- Leave and Try Again. After 30 minutes or more without being able to fall asleep, try to get up and do an activity that is relaxing, boring, or requires low effort. It is recommended to stay away from activities that stimulate you. For instance, do not plan to read an interesting news article before bed as this might keep you awake because of the excitement of learning something new.
- Limit the Caffeine and Nicotine Intake (Other Substances). Try to avoid intake of caffeine and nicotine as this can influence your ability to go to sleep and serve as stimulants. For example, instead of drinking coke or coffee before bed, try chamomile (non-caffeinated) tea to aid your sleep. Stimulants can affect the mind and body up to 4-6 hours after intake.
- Limit the Alcohol Intake. Try to avoid alcohol even though it may seem like it helps you relax. Alcohol impacts the quality of sleep meaning you may wake up feeling like you got a poor night of sleep and not feeling well rested. Notice how it negatively affects your mental and physical well-being.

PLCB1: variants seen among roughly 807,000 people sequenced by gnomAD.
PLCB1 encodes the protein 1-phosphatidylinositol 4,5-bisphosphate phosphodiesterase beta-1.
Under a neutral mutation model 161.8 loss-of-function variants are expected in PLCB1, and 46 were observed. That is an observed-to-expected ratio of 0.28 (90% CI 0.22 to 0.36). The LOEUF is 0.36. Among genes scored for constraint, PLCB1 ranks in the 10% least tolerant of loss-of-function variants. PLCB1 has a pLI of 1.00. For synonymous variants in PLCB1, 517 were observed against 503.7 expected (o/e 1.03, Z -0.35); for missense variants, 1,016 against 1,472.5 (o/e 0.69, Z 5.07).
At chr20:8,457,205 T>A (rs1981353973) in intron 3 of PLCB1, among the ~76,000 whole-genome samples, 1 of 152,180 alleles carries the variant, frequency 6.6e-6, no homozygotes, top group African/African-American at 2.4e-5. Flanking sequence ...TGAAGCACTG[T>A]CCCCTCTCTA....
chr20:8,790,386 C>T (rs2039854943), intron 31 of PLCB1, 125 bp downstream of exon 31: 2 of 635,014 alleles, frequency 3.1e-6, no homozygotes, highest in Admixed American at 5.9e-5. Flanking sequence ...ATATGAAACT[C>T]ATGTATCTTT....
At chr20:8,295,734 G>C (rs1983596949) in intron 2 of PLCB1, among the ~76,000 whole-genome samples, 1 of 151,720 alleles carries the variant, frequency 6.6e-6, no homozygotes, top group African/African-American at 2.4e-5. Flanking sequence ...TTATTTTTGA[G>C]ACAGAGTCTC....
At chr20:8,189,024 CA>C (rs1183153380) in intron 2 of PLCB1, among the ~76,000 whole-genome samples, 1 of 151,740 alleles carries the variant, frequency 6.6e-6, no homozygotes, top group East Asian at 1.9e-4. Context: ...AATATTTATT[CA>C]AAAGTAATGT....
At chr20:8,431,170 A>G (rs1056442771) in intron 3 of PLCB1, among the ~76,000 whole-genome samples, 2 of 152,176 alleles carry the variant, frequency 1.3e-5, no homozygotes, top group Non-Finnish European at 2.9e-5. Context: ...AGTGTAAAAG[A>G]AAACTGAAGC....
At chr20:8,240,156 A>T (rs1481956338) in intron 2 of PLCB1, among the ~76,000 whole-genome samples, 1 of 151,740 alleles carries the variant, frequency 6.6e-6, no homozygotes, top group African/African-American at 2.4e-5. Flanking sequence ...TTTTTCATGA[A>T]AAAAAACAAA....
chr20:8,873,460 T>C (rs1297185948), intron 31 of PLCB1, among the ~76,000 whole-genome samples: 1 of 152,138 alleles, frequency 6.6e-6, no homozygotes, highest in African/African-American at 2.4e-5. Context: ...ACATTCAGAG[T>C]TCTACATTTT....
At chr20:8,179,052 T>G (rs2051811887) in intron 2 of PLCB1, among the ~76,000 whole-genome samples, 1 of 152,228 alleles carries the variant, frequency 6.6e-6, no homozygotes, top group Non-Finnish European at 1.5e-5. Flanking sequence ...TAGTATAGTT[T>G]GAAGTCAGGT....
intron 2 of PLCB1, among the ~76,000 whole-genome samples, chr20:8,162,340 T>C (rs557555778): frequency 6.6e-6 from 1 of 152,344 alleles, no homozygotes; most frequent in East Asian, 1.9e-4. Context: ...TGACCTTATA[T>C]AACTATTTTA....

- Use Naps Sparingly. Try to avoid napping during your waking hours as this can impact your ability to get tired when it is time to go to sleep. Napping or resting your eyes for 5 minutes but less than an hour is ideal. Consider when you plan to sleep and try not to nap in your version of your afternoon or evening time (shift work varies this time).
- Develop Your Sleep Rituals. Try a ritual like relaxation stretches, meditation, breathing exercises, or listening to calming sounds about 15 to 30 minutes prior to bedtime.
- Avoid Exercising Before Sleep. Regular exercise can aid in healthy sleep but can make it difficult about 4 hours prior to going to sleep. You are essentially putting stress on the body when building or using muscles. Consider walking or being active at the start of your day. At the end of your day, help your body to know it is time to relax.